The Name of the Rose


Monk double feature! At first glance, The Name of the Rose and Into Great Silence couldn’t be any more different — one is a plotless meditation on stillness and solitude, the other an overstuffed megaproduction that bursts at the seams with narrative twists and gleeful cliches. One movie is about the absence of language, the other one revels in linguistic jokes and a cornucopia of literary allusions high and low. But by approaching their common subject from very different points of view, the two films illuminate (ha!) each other.

All things considered, Jean-Jacques Annaud’s adaptation of Umberto Eco‘s bestseller has held up well. Eco’s intellectual games are filtered through Annaud’s lurid lens, by the way of German producer Bernd Eichinger‘s taste for the blockbuster: Eco dressed up semiotic theories with the trimmings of popular entertainment, and in Annaud/Eichinger’s hands, the erudition falls by the wayside in favor of freakish brothers (witness Ron Perlman ham it up as hunchback heretic) and forbidden sex.

It speaks for Eco’s talents as storyteller that even when you rid his book of the lengthy debates about medieval scholarship, it’s still a rip roaring good story, overloaded with literary references (Sir Arthur Conan Doyle and Jorge Luis Borges are the most obvious ones), men who speak “all languages and no language” for him to better hide his polylingual puns, and a tightly plotted story that hinges on all the tropes of monkhood: secret libraries, blind fathers, flagellation, mad heretics, ancient secrets, repressed homosexuality, evil inquisitors, damsels burning at the stake. The Name of the Rose is bursting with signifiers, pointing everywhere at once, while Into Great Silence makes a strong effort not to point anywhere at all, to just be here now. Both movies are using the monastic life for their own ulterior motives; I’d argue that this one does it somewhat more successfully. (The interiors of The Name of the Rose were shot at Kloster Eberbach, a few minutes from where I grew up.)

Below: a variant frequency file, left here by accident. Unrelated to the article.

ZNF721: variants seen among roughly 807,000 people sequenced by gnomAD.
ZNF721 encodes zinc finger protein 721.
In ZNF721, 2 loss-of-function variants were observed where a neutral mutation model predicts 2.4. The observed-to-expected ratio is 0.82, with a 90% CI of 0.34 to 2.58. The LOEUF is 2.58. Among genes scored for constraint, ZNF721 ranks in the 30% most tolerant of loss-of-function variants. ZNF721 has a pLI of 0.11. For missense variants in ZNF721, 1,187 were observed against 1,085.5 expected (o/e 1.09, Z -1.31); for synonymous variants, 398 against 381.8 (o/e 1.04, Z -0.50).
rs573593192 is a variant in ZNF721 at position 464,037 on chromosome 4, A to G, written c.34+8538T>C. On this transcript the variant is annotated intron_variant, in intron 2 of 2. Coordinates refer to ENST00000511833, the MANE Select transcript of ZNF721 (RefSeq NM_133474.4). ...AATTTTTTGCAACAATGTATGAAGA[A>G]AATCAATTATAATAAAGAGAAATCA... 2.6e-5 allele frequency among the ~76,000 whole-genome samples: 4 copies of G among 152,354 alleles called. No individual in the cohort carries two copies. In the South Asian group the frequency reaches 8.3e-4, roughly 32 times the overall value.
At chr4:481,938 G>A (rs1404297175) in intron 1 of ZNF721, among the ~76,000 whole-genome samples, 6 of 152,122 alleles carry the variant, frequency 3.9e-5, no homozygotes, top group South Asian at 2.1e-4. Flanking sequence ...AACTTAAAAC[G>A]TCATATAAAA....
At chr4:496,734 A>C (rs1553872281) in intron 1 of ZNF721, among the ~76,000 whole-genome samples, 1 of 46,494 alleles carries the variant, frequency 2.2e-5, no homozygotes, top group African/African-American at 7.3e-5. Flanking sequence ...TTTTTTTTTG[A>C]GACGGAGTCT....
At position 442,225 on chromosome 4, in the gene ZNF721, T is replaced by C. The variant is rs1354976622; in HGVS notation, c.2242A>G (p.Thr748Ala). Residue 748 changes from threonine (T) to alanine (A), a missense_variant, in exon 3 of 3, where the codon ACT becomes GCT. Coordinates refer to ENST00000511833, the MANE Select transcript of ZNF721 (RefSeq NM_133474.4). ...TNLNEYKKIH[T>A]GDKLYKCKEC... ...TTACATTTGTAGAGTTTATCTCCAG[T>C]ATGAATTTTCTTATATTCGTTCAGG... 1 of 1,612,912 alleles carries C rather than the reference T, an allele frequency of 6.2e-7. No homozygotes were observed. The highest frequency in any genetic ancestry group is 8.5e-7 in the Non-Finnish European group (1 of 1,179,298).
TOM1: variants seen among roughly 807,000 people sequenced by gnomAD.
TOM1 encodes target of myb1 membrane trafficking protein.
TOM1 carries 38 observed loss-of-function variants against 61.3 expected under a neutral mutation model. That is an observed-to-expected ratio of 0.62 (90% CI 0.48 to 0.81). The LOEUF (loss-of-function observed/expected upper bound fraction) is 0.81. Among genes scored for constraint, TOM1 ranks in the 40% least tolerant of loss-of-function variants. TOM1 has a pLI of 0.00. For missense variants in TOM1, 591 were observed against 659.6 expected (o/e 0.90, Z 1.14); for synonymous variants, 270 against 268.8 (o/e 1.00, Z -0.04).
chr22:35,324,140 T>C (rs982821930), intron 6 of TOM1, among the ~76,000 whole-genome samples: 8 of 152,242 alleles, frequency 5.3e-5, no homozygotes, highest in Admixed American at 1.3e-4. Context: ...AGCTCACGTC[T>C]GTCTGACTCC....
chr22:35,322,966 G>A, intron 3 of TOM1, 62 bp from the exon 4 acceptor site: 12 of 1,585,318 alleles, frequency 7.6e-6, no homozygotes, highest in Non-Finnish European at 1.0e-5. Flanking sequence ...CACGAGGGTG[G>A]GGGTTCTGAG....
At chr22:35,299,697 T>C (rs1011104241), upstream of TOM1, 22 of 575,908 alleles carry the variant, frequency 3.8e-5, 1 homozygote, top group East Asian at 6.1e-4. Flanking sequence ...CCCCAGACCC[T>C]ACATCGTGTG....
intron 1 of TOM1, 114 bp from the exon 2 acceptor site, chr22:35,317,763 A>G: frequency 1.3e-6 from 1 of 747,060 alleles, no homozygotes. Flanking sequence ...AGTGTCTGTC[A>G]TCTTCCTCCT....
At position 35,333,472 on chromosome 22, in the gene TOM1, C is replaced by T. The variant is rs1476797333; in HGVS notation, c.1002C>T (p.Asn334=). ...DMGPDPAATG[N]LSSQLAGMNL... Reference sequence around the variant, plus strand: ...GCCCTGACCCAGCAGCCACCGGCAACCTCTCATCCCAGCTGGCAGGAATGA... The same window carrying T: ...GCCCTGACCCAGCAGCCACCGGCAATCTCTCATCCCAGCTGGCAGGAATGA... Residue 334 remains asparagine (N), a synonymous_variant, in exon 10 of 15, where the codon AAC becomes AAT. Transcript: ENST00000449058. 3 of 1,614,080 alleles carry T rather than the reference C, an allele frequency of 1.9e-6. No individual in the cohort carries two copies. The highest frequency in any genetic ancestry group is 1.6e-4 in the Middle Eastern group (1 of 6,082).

Der Name der Rose. Jean-Jacques Annaud, 1986. ****


  1. Should’ve known they had Christian Slater’s controversial sex scene with Valentina Vargas on YouTube:

  2. Jean-Jacques Annaud is one of the most original and keen french director in the last 30 years. L’ amant, Seven Years in Tibet,are just some of his wide production.
    The work of Jean-Jacques Annaud moves in the socio-political, historical and theoretical contexts. His Film is developed in the understanding of a culture, or historic time. The Cinema isn’t only a resource of enternainment. It’s a principle of research and analysis of a specific society. It manifests a specific preoccupation or problem and show to the public the analysis socio-political and cultural. French cinema has answered to such challenge since the beginning of the 50′. Francois Trufaut was a social director. We can understand the complexity of the french middle class analysing each one of his extensive production. Movies like Jules et Jim (1962), it is not just the story of the relationship of 2 men and 1 woman. It’s the story of brotherhood of two friends (French, and German), sharing their lives each other and overcoming the difference of nationalities, even when they fight the same battlefield fighting with their due countries. Trufaut teaches us the value of the true friendship beyond our nationalism or ideology. His Film “The 400 blows” (1959)lead us to the controversy of the French Educative system, the authoritarism, not just in the school, rather in the gaullist french system.
    The Cinema is a powerful tool of understanding and dialogue of the people. It’s the mirror where the society watch their problems, dreams and hope.


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